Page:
I wish E-Ham would just install a front page tutorial on station grounding. I would save time and space.

Wouldn't do any good.  There is tons of info out there about grounding and folks would still be asking the same questions...  I try my best to avoid the subject.

Mike
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K9KJM
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Posts: 2415




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« Reply #19 on: April 30, 2011, 11:10:26 PM »

Good info from K6AER.

It DOES take some effort to properly protect a station. It CAN be done on a budget. For tips on how see:


http://www.scribd.com/doc/14868226/lightning-protectiontaming-thors-thunderon-a-budget

(Give that site plenty of time to load.)

Here is another link with some good info:

http://www.bidstrup.com/w7ri-lightning-grounding-rfi.htm

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KE4JOY
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« Reply #20 on: May 01, 2011, 07:47:02 AM »

Do sprinklers save a library and books from a total loss fire?

Mike

Just thought I would note...

Libraries which contain valuable tomes do not use sprinklers. Rather they rely on gas fire suppression systems.

http://en.wikipedia.org/wiki/Gaseous_fire_suppression

Just did one for the university here not to long ago.
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AC5UP
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Posts: 3908




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« Reply #21 on: May 01, 2011, 09:58:50 AM »

Libraries which contain valuable tomes do not use sprinklers. Rather they rely on gas fire suppression systems.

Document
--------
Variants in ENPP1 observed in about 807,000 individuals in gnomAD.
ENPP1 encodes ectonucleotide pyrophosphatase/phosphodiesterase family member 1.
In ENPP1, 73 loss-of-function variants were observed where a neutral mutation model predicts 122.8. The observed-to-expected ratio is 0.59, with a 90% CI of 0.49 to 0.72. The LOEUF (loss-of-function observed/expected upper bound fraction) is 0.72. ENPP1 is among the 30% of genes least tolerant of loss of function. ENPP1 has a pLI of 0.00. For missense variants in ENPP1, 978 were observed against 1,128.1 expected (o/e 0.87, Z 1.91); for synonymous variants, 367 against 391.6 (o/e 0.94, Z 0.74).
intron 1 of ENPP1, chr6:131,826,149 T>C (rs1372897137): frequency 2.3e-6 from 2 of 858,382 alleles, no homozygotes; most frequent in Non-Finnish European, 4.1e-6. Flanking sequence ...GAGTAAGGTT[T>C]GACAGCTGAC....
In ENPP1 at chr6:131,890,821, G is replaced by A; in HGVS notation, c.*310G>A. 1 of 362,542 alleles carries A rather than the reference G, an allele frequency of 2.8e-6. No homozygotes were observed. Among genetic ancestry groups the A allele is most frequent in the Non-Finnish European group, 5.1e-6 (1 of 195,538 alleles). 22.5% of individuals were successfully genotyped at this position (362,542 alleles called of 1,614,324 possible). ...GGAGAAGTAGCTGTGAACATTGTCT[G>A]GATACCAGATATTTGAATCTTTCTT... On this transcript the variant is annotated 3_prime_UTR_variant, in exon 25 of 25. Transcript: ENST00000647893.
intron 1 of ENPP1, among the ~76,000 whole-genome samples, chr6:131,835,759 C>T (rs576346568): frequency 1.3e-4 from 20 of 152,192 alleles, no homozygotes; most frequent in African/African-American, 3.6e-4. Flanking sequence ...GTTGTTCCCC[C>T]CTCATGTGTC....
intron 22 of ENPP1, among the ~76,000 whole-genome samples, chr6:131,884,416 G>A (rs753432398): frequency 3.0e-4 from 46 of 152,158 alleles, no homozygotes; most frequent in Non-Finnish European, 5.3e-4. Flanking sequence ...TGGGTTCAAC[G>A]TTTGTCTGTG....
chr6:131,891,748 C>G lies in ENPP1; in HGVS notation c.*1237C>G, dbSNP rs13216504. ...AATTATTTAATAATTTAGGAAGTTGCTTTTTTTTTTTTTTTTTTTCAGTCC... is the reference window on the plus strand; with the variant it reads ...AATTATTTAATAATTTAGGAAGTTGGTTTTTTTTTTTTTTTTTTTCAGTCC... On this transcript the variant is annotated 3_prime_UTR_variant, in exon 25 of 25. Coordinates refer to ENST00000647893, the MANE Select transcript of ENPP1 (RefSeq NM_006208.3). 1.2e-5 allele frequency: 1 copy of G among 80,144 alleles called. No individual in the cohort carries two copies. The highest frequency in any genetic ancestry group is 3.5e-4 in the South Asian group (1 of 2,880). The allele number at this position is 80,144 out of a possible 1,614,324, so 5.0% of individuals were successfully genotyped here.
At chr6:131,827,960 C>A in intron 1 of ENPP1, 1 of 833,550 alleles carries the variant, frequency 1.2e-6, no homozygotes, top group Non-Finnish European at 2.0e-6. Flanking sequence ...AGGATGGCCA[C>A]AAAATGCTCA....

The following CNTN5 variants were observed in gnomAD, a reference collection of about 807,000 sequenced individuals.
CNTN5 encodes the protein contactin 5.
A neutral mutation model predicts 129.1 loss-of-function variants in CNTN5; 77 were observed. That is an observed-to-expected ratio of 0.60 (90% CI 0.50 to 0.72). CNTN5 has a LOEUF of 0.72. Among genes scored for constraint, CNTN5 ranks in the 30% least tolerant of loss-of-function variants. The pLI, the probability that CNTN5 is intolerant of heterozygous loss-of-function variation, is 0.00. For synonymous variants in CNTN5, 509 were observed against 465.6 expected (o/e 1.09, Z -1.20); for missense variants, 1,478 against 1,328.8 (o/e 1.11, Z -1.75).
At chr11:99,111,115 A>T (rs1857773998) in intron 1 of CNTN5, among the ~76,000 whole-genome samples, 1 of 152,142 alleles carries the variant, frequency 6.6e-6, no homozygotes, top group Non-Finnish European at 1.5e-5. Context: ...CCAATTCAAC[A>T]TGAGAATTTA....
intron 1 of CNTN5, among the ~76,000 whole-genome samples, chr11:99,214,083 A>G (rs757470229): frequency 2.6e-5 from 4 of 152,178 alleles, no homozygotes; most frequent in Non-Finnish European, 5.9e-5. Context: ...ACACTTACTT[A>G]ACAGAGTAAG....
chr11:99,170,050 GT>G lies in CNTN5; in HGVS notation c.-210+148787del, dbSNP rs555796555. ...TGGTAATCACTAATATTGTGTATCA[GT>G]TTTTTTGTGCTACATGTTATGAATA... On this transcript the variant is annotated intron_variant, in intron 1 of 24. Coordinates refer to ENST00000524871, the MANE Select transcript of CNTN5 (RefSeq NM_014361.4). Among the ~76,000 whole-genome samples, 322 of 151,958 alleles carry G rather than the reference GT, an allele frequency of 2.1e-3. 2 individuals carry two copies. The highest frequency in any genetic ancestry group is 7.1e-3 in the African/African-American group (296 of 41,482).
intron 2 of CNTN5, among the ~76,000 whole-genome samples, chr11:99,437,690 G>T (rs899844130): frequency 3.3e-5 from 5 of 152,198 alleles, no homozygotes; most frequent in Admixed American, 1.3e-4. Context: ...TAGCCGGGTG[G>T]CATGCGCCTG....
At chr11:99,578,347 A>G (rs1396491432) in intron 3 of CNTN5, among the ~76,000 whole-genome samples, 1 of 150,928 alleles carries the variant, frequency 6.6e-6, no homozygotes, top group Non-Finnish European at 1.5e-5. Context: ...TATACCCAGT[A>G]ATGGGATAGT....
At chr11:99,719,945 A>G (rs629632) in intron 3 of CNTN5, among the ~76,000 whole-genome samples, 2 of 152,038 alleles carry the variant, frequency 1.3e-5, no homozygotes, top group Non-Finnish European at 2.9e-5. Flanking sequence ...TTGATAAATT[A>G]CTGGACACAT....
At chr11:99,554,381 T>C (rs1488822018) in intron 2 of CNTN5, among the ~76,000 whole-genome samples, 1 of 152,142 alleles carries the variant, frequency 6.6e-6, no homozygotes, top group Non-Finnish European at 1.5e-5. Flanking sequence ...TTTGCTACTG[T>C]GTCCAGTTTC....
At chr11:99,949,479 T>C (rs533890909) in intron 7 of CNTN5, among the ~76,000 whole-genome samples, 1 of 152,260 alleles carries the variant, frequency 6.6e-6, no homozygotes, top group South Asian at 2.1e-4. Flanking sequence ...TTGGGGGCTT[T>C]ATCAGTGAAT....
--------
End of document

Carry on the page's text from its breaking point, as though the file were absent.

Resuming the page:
Which makes sense as a small fire could result in 50 books damaged by fire and 3,000 damaged by the sprinkler system.  Wink

BTW: Here's an interesting piece of video captured by a surveillance camera: http://www.lifeslittlemysteries.com/lightning-strike-survivor-video-real-fake-1623/ Watch closely to see if you can tell which one of the people in the video is a Heathshkit owner!
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K8AXW
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Posts: 3910




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« Reply #22 on: May 01, 2011, 12:42:07 PM »

OK, so someone asks about lightning every week here on eHam.com!  So?  That, to me, is quite understandable.  The number of articles written about lightning and how to minimize its damage would comprise a library of its own. 

Lightning is one subject, along with "what's the best linear to buy" that brings out what I call "CGS" or computer Geek Syndrome in people.  Have you paid any attention when two computer geeks get together?  It is a constant oneupmanship conversation.  They can't help it! 

Of the dozens of articles and books I've read on lightning and lightning protection, I've read only two or three that explains things in terms that the average ham can understand.

THIS is why you'll find the same "lightning questions" on eHam.com every week!  It was suggested that someone should write and publish an article here about lightning and lightning protection.  I agree 100%.... but KISS.
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KE4JOY
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Posts: 1381




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« Reply #23 on: May 01, 2011, 05:03:29 PM »

Watch closely to see if you can tell which one of the people in the video is a Heathshkit owner!


The well grounded one of course !  Cheesy
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WA9SVD
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Posts: 2198




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« Reply #24 on: May 03, 2011, 07:22:24 AM »

There are two issues to consider.

    The first, is that if your home is directly hit, even an "indoor" (attic, etc.) antenna and equipment may well be severely damaged.

    However, even if a a nearby location receives a lightning strike, there CAN easily be damaging impulses induced into even indoor antennas!  So grounding is an important consideration, even for indoor antenna installations.